Hello once again, Pokémon Community. Zackary “Cabd” Ayello here again today, with a decklist and analysis of my personal favorite deck, Yanmega Magnezone. Named “Megajudge” by its creator, this deck took home a City Championship purely by surprise. Now, with the rotation in effect, it is one of the few viable MD-on decks that retains the majority of its Pokémon lines.
Unfortunately, a combination of lack of finances combined with some short handedness at work means I will not be making the trip to nationals this year, so I have no qualms about releasing my HGSS-BW decklist. If Nationals were tomorrow, at my house, this is the list I’d take, without a second thought. My personal name for this deck is “Yandere” which is best Googled, if you don’t know what it is from.
To start off, I’ll give my exact 60 card list.
|Pokémon – 19||Trainers – 31||Energy – 10|
I’ll provide some explanations about why certain cards are there, as well as why the counts of certain cards are what they are.
pokebeach.comFirst of all, 3-3 Yanmega. Yanmega is your early game attacker, and only has baby killing and stalling use in the late game. Your ideal is to get Yanmega swinging for 70 damage on the second turn, third turn at the latest. For this reason, you run heavy counts of Supporters that maximize this chance, namely, 7 Supporters that force the hand sizes to match, allowing you to hit with either attack for free.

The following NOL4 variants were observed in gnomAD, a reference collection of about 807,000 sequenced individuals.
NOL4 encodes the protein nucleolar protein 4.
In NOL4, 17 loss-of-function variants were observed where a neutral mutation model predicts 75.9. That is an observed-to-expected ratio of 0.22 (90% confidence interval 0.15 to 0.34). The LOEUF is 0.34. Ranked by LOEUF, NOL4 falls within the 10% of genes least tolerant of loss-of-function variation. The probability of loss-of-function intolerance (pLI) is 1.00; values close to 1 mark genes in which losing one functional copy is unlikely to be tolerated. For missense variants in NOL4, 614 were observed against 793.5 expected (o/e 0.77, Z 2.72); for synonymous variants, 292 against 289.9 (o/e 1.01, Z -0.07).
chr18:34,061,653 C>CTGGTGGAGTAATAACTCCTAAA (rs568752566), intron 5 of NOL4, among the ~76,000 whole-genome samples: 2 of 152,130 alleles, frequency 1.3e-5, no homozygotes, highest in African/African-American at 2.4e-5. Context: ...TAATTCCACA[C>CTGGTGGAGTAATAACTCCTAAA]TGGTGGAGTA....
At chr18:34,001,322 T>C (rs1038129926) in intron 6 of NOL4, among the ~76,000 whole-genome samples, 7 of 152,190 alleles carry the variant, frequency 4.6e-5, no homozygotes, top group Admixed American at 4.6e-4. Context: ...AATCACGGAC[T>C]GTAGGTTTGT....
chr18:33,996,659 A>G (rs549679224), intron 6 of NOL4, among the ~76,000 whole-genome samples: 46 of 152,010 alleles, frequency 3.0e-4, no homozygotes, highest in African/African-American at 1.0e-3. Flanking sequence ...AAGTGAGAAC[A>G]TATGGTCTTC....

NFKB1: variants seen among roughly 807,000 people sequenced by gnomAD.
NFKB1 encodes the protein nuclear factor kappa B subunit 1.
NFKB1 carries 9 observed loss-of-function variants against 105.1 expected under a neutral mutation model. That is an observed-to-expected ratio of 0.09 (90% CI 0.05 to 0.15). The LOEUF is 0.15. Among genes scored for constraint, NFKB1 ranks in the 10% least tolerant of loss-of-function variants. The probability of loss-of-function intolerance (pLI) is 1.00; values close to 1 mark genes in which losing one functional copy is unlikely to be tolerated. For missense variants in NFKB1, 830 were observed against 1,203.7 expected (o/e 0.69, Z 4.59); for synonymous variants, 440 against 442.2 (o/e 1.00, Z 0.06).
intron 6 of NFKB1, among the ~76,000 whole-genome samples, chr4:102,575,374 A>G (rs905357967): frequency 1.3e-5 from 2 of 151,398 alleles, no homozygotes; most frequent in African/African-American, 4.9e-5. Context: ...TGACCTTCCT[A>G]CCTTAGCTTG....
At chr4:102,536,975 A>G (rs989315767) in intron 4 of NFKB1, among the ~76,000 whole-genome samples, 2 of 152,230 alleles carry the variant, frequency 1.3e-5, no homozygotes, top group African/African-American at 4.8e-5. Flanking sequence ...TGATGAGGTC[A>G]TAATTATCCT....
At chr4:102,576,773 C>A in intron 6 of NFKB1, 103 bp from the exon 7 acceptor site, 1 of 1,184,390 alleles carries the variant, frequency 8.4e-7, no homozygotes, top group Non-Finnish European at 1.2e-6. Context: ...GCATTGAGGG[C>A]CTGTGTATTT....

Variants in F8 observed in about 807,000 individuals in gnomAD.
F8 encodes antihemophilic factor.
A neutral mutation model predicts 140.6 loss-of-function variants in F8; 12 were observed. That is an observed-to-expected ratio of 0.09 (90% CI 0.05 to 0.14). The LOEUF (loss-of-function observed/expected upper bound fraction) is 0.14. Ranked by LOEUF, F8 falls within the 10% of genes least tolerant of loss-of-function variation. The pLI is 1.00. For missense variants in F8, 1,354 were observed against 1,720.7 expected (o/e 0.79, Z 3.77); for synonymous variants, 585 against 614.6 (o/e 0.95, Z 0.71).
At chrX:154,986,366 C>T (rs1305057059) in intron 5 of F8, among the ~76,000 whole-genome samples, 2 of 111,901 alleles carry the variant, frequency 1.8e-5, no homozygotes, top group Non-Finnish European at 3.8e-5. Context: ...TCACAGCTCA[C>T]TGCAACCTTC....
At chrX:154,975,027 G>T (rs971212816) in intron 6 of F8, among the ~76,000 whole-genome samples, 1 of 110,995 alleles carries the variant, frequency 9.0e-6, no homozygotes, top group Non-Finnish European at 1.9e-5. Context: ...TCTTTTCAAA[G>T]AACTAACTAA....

This is also the reason for the inclusion of Spiritomb, as “Spooky Whirlpool” can force your opponent’s hand size to 6. While that would usually help your opponent more than it would hurt them, the idea is that you can Collector for Spiritomb, and however many more basics you need to equal six cards in your hand, thereby not using one of your hand matching Supporters that turn. With Seeker, it gives you just a hint of disruption ability as well.
2-2-2 Magnezone will sound really thin on paper, but with Rescue Energy, and the fact that you won’t be using him early game, it’s fine. Flower Shop Lady allows you to get the entire line back if anything goes horribly wrong. Being able to both draw to match hand sizes, as well as hit for a ton of damage, makes Magnezone a feared late game attacker. Shaymin and Pachirisu are here to allow Magnezone to power up faster if need be.